Building Learning Power

At Wilbury Primary School we believe that learning should be a life-long enterprise. We aim to develop our pupils Learning Power, not just so they can complete school learning more easily and effectively, but so they will leave school with the ‘disposition’ (a set of habits and attitudes) which will serve them well as they boldly go through the journey of life.


What is BLP all about?

BLP is about learning how to be a better learner. It is about the individual learner, their personal ‘disposition’ towards learning. The BLP ‘capacities’ are a set of ‘learning muscles’ that need to be exercised so that they grow strong. This is something that can be learnt, practised and improved.

It is about creating habits and attitudes which enable pupils to face difficulty and uncertainty calmly, confidently and creatively. It is about practical strategies that can be used in real situations. It is not a subject in itself, rather it is a ‘framework’ that sits within and across all lessons.

What are the details of BLP?

BLP is divided into 4 DISPOSITIONS, with each of these sub-divided into CAPACITIES. Each of these focuses on a specific learning attribute / strategy to help the learner to ‘get better at learning’.

Click here for a parents guide to the vocabulary.

How is BLP used in school?

Across lessons and subjects, teachers and pupils refer to the dispositions and capacities that are being practiced and that could be useful for the task. Sometimes there will be specific activities relating to a capacity, other times it will be a simple reference.

In every classroom there is a display that points to the specific disposition and capacities that are in focus during that term. Teachers and pupils regularly refer to this.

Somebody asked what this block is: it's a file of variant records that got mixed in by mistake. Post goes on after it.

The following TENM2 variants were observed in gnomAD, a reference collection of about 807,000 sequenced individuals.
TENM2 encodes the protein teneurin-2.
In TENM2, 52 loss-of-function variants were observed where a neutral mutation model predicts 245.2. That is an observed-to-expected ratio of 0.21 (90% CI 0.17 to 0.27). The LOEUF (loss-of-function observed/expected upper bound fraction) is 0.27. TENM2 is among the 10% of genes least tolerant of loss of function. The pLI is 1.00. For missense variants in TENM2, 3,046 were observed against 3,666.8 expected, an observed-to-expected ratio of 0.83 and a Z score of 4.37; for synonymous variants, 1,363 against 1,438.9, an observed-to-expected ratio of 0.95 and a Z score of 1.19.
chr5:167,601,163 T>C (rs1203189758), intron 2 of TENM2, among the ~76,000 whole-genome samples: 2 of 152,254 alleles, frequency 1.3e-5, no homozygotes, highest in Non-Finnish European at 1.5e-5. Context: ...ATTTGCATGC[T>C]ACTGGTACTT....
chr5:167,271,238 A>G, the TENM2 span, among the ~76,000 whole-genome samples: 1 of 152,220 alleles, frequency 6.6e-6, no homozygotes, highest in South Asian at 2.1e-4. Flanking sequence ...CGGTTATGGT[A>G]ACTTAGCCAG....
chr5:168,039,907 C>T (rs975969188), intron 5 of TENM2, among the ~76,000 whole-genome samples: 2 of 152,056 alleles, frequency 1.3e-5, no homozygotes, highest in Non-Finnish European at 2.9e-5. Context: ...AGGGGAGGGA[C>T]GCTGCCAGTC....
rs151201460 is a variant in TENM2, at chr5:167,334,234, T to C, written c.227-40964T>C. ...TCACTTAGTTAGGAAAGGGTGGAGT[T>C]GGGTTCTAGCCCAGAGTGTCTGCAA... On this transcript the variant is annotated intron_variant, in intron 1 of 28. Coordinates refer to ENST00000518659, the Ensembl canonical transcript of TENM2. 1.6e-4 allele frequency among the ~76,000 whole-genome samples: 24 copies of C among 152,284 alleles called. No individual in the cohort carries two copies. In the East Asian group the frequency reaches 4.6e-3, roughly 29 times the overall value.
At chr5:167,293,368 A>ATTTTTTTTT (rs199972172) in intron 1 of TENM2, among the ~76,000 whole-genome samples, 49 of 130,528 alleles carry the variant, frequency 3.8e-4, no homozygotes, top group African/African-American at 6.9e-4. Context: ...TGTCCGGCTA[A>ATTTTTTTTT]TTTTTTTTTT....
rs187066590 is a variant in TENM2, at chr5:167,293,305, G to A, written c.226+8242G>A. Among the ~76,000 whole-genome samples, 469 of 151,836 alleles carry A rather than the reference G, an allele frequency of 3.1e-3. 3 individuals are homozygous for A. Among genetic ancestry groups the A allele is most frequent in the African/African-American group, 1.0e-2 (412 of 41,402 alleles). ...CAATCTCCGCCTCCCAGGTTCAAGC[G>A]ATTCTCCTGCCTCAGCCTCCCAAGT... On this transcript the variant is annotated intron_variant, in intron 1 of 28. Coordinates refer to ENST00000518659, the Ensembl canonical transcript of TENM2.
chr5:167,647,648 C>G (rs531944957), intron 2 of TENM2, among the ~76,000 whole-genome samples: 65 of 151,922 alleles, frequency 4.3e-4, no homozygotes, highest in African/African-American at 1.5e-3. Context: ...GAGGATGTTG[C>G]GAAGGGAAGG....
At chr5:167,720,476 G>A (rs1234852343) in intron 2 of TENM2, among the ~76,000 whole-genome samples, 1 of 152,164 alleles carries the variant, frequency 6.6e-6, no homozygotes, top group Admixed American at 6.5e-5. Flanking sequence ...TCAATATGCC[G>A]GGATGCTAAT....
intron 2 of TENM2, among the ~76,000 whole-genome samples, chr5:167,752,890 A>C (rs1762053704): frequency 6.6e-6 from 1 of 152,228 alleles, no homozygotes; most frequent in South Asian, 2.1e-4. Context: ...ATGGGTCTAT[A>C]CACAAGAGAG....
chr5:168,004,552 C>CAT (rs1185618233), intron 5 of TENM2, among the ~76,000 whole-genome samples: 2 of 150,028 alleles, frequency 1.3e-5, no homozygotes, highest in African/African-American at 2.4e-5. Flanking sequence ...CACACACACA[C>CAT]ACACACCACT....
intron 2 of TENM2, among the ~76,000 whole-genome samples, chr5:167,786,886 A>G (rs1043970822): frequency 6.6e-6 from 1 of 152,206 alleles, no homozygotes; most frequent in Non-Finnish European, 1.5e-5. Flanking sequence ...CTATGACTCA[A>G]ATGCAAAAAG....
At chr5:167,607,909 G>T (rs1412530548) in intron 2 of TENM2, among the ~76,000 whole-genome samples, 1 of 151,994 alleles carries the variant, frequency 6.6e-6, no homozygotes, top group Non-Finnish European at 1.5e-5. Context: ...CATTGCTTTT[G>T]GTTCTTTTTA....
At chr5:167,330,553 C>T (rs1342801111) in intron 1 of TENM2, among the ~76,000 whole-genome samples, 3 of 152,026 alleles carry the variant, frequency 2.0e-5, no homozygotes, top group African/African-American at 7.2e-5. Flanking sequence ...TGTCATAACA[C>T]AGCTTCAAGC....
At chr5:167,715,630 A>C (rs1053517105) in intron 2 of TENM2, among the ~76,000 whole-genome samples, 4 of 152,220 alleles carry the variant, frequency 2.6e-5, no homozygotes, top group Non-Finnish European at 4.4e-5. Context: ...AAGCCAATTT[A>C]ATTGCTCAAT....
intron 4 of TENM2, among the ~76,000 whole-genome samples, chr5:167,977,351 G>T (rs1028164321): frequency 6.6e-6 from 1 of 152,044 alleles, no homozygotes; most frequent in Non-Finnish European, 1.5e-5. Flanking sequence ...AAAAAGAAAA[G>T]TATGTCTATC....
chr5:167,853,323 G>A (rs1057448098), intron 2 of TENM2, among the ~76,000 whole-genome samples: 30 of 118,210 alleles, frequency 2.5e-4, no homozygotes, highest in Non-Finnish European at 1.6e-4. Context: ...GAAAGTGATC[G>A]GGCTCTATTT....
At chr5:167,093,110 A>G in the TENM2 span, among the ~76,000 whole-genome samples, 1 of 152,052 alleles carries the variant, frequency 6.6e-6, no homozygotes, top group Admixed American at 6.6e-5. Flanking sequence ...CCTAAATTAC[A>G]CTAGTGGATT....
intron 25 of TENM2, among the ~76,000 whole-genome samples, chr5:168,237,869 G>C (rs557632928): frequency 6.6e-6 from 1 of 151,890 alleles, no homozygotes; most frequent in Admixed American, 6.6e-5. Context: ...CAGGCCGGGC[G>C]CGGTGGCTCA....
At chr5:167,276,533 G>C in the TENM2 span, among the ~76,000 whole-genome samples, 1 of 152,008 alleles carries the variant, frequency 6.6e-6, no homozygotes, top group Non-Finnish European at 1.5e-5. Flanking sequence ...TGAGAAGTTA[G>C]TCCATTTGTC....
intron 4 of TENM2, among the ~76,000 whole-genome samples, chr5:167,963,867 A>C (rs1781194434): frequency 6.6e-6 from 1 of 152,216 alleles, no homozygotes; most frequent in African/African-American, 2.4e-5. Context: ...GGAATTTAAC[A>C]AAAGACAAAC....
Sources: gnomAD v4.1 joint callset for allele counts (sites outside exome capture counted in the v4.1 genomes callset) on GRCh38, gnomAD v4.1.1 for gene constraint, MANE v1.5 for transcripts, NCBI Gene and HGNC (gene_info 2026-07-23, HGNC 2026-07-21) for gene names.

What benefits does BLP give pupils?

* Pupils are more aware of, and are more confident in, their own learning abilities

* Pupils have learning powered strategies to help them cope with difficulties and to face confusion without getting upset

* Pupils learn faster and learn better

* Pupils concentrate more, think harder and find learning more enjoyable

* Pupils know what they are good (or not so good) at

* Pupils know who can help

* Pupils know how to work independently and socially

* Pupils know what is the best learning tool and learning process for the job at hand

How can parents help at home?

* Ask your children about their learning muscles they have been using at school

* Use the language of BLP when undertaking tasks at home: e.g. ‘Well done that was excellent collaboration when you helped me to tidy up the room’

* Find particular opportunities to develop a capacity: e.g. ‘Planning’ can be developed by sitting with your child and planning the day trip to the beach together

* Use questions like: ‘How would you solve this?’, ‘What would happen if….?’, ‘What would you do next?’, ‘What skills would you need to use to be able to…?’

* If your child becomes stuck in their learning ask them to think of what they would have to do at school to get unstuck

* Welcome and foster your child’s questioning spirit as much as you can

* Involve them in your own learning activities. Try to “think aloud” as you try a new recipe or struggle with a bit of DIY. It helps children grow if they see that you too struggle with uncertainties but employ a range of strategies to cope with them

Finally, all children can learn to learn. BLP provides a whole vocabulary for understanding what learning is and at Wilbury we want young children to have the skills and confidence to take on challenges and succeed.